Anonymous at 3:26 AM on December 3, 2015 | #4516
> what if a person isn't very interested in food and doesn't like eating?

she'd be skinny! isn't this a huge advantage in today's culture?

i can't imagine not having an interest in food.

Anonymous at 3:28 AM on December 3, 2015 | #4517
this thread confirms what I've been thinking about for a while now.
Now we know the state of things in the organization...

For those of us who still value Objectivism highly...
if we can't look to the leader for leadership, then the future for us doesn't look too good.

Anonymous at 6:51 PM on February 29, 2016 | #4982
what do you want a leader for? lead yourself.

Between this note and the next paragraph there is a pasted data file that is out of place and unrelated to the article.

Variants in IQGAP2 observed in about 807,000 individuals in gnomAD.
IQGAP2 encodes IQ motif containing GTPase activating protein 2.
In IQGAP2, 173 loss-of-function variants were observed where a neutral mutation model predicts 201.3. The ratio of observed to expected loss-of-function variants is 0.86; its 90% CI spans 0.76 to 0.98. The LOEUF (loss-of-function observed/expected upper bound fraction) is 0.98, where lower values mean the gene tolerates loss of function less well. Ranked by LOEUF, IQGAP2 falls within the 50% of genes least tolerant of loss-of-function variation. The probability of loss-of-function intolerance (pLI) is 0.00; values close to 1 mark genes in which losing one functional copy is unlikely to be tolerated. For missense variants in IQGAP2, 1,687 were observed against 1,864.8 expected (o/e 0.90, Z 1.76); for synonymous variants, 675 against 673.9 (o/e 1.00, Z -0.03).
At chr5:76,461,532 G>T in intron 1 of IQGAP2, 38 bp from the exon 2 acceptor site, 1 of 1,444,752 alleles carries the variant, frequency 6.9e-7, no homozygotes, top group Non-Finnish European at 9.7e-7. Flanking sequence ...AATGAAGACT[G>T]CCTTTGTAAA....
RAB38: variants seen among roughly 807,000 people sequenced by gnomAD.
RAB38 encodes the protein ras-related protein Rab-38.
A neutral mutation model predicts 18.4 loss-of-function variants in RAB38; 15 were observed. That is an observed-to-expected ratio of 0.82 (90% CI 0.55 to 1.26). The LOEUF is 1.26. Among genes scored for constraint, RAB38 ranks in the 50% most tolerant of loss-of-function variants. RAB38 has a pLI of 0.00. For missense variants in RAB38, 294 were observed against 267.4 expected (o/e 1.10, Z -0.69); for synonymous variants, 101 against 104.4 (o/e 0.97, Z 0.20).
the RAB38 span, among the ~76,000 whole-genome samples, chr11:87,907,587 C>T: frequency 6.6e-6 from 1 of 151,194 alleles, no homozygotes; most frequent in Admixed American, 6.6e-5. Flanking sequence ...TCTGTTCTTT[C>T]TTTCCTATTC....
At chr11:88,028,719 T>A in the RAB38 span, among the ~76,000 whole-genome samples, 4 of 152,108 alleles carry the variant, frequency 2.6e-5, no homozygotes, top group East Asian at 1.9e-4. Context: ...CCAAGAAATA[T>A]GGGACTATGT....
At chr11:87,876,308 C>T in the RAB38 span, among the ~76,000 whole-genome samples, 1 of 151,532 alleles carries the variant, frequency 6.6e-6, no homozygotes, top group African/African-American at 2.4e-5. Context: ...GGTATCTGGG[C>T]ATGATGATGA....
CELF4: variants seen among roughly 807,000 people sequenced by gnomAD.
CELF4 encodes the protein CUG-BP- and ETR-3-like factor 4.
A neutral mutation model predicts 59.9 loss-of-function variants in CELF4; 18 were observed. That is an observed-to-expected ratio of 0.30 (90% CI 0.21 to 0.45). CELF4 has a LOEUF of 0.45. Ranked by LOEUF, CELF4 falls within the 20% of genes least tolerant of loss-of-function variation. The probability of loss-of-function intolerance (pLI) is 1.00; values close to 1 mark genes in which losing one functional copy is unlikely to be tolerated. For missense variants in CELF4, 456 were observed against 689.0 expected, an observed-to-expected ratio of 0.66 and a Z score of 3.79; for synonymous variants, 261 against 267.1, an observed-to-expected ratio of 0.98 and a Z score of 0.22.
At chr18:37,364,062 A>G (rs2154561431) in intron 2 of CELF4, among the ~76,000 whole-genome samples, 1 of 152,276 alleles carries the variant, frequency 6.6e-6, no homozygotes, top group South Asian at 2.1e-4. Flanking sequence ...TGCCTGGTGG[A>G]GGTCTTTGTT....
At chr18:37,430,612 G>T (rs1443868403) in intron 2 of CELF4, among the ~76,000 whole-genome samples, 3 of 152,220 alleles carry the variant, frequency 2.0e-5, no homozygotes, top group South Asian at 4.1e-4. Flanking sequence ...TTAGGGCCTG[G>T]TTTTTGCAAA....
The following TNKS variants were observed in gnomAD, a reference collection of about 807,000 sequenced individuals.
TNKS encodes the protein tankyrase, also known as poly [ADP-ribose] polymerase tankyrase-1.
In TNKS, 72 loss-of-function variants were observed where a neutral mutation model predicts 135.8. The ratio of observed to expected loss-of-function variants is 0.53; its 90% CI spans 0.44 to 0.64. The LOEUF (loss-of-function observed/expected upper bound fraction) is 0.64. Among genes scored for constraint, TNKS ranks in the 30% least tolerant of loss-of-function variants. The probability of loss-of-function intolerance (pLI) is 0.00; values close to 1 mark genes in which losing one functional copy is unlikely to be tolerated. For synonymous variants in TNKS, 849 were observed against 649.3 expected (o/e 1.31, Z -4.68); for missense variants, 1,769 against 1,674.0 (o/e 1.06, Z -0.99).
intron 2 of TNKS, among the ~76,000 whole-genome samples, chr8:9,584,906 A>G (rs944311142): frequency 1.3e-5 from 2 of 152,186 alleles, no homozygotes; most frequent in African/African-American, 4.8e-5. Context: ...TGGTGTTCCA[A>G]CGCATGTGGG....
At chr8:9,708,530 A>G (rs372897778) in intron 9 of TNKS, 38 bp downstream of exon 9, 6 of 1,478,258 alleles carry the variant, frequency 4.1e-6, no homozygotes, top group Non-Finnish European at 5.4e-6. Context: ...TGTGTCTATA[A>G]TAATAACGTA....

instead of giving up, create what you think is missing from the world. make great stuff yourself instead of waiting for Peikoff to make it for you, then giving up when he doesn't.

curi at 8:18 PM on February 29, 2016 | #4983
or he could follow you if he wants a leader.

Anonymous at 4:19 AM on March 5, 2016 | #5005
Would you also end up like her teaching idiots for 40+ years and dying with no good successor?

Anonymous at 9:25 AM on May 30, 2016 | #5792

What do you think?

(This is a free speech zone!)